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When soldiers are together for any length of time, there is a strong comaraderie that develops--one involving deep empathy. In Chapter Nine, Paul remarks that with his fellow soldiers he is
...no longer a shuddering speck of existence, alone in the darkness--I belong to them and they to me, we all share the same fear and the same life, we are nearer than lovers....
Then, in Chapter Ten, after the men are wounded and sent to the hospital, Lewandowski, who is the oldest among them, expects a visit from his wife whom he has not seen for two years. However, because he has developed a fever, he cannot go out with her. Of course, he is disappointed as he has a strong desire to be intimate with her after such an absence and the other soldiers have told him of spots where he can share private moments with her. Now, however, he must remain in bed; so, the brotherhood of men,from whom there are no secrets promise Lewandowski that they will devise a way for him to share his physical love with his wife.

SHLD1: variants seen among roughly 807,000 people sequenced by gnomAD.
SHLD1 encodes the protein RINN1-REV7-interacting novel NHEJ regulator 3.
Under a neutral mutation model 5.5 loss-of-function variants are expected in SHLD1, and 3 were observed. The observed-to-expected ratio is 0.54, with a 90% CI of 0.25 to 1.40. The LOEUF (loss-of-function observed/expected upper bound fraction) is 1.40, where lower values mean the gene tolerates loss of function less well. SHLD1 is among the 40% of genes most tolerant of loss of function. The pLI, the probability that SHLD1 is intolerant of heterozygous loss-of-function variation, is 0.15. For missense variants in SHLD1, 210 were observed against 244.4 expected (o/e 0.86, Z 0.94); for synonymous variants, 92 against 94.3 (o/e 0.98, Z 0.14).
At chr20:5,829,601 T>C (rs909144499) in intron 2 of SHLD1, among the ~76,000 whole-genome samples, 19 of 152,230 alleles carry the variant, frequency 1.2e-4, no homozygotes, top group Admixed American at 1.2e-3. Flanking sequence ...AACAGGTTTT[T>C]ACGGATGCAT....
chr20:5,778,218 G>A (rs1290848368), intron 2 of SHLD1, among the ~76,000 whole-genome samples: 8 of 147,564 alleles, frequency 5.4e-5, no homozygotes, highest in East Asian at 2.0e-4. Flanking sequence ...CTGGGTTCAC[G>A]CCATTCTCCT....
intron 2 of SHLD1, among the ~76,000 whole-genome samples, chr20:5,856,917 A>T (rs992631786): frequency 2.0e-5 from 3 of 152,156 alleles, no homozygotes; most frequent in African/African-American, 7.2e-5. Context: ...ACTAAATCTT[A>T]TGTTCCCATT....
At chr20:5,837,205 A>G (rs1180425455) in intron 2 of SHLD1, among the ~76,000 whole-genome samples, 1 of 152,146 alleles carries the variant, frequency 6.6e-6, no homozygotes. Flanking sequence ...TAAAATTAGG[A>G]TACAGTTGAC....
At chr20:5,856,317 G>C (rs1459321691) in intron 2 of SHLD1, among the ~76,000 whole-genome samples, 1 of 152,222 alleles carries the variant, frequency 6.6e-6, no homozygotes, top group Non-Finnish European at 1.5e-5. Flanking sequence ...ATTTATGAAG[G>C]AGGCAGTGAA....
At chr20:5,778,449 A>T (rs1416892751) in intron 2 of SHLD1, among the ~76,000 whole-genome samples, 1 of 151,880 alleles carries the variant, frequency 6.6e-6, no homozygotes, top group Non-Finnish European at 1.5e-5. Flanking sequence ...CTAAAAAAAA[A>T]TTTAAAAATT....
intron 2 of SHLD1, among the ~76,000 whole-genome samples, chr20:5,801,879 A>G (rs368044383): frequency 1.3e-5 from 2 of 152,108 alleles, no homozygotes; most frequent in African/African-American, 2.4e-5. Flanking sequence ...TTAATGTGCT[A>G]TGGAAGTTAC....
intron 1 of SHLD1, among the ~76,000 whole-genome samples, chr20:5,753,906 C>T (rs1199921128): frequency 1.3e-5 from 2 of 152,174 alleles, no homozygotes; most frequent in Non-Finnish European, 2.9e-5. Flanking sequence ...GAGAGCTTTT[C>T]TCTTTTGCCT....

When Mrs. Lewandowski appears, she is apprehensive around all the men, but her husband quickly dispels her fears. Although she is embarrassed, the men "make pooh-poohing gestures, what does it matter!" since convention is made for other times. With a couple of men standing guard in the hallway in case a doctor or nurse should come along, the others arrange Lewandowski on his side and his wife disappears under the covers. The soldiers turn around and "make a great clatter" as they play cards noisily in order to drown out the sounds of the lovemaking. After a while, the "business is over."
We now feel ourselves like one big family, the woman is happy, and Lewandowski lies there sweating and beaming.
Both the husband and wife and the men have engaged in acts of love, although in a different form, and they feel gratified.
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